In the earlier days of our research for XINDOTS, we headed down to the busiest CBD hawker centres to find out what people need. Day in, day out, lunches seemed synonymous with long queues.
Complicated orders and add-ons
Kor Liang Dai, a 17 year-old intern is holding 6 packets of food from different stalls. He is also second in line at the Spinach Soup stall and bless her soul, the owner is taking pre-orders.
Like a machine gun, he raps “spinach soup, more veg, half portion of meat, egg white only, no fried scallion but raw onions on the side”. He is out of breath, and sweat pours down his back turning his G2000 shirt translucent.
Most people avert their eyes, but beside him, Seow Tow Gay, 48, watches from the side, mildly satisfied. This is the initiation of every new intern.
Namely, they are expected to memorise obscenely complex orders, navigate crowds and get all the food back to the office, still piping hot. The interns are paid a grand total of a kopi siu dai for their labour. Companies euphemistically dress up this hazing ritual as a “problem-solving onboarding process”.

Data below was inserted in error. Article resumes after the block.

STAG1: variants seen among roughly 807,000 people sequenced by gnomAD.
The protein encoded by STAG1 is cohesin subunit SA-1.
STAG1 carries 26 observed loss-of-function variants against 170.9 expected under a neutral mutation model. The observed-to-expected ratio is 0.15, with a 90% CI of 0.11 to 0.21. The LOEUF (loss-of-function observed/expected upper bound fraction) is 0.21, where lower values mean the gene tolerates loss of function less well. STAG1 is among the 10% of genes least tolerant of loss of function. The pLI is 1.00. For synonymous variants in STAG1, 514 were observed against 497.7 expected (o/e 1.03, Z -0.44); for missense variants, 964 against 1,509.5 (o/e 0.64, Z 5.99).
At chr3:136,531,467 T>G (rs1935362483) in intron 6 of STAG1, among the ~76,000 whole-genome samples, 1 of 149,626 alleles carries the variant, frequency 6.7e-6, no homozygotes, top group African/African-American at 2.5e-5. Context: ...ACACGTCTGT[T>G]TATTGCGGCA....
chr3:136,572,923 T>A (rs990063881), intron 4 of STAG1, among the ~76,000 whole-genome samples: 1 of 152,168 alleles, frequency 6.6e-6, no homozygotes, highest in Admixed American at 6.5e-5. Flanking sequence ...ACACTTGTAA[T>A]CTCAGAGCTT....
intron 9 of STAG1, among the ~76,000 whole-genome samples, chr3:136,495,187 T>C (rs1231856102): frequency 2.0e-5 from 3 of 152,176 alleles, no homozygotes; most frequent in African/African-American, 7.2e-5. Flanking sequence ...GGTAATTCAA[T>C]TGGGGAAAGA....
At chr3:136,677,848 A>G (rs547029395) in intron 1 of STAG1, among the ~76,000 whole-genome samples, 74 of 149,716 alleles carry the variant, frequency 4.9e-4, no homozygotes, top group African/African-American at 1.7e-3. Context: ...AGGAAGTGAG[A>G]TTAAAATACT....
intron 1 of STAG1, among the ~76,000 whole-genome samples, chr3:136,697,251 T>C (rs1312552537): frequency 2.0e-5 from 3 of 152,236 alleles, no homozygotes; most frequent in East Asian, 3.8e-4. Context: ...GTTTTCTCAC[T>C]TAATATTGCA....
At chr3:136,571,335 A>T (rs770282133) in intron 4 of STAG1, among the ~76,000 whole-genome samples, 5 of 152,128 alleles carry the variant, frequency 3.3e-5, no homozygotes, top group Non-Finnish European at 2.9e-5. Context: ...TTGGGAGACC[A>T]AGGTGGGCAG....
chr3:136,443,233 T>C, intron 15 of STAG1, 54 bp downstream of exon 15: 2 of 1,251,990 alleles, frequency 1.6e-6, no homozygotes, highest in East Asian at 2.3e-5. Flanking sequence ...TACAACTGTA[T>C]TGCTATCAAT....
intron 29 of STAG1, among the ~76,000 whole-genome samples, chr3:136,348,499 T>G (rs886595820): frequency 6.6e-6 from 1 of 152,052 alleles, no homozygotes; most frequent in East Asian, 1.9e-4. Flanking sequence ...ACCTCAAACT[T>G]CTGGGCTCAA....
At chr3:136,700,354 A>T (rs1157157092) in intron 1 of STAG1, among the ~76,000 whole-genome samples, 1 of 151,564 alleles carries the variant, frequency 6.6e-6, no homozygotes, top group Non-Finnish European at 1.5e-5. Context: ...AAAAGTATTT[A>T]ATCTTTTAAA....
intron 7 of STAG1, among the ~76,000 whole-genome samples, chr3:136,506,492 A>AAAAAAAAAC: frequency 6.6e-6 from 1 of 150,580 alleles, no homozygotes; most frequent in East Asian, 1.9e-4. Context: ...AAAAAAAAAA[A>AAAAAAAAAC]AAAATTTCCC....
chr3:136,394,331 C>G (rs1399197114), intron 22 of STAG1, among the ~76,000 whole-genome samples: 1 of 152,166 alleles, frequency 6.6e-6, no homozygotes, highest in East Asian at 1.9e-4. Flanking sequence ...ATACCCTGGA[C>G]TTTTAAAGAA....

CBD hawker centres—hyperlocal or a tourist paradise
In another row, a well-groomed expat, is swooning over the Mee Siam. Is this Mee Siam mai hum? He asks his colleagues, who choke back their smiles. As full-fledged card carrying member of our food paradise, he considers himself conversant in ordering and plans to impress his Tinder Date with a hawker date. He is also one of the siao ones who firmly believe that the longer the wait, the better the food. (This is a myth).
Beside him, Tan Sia Kia whips out his other iPhone X, Tinder is passe, he thinks, with an air of superiority, whilst CMB is too slow. He thinks that we should go local, kind of like the mod-sin hipster food he is eating. It is a $10 meal of salmon with scorched mentaiko on a bed of blue pea rice.
The crowd thins, mainly because the 50 minute lunch break is almost up, and bosses are “sticklers for deadlines”. Everyone is rushing, always rushing.
For all our purchasing power, time poverty and lack of patience, why should we be made to wait in queues for our food? Maybe pre-ordering is the solution to our lunch woes. So birthed the idea of XINDOTS, a pre-ordering app with customisation functions that imposes no surcharge on our orders.
Also, no risk of a subpar delivery, sparing us the agony of food arriving late, or in poor condition, or orders getting mixed up, or orders not arriving at all.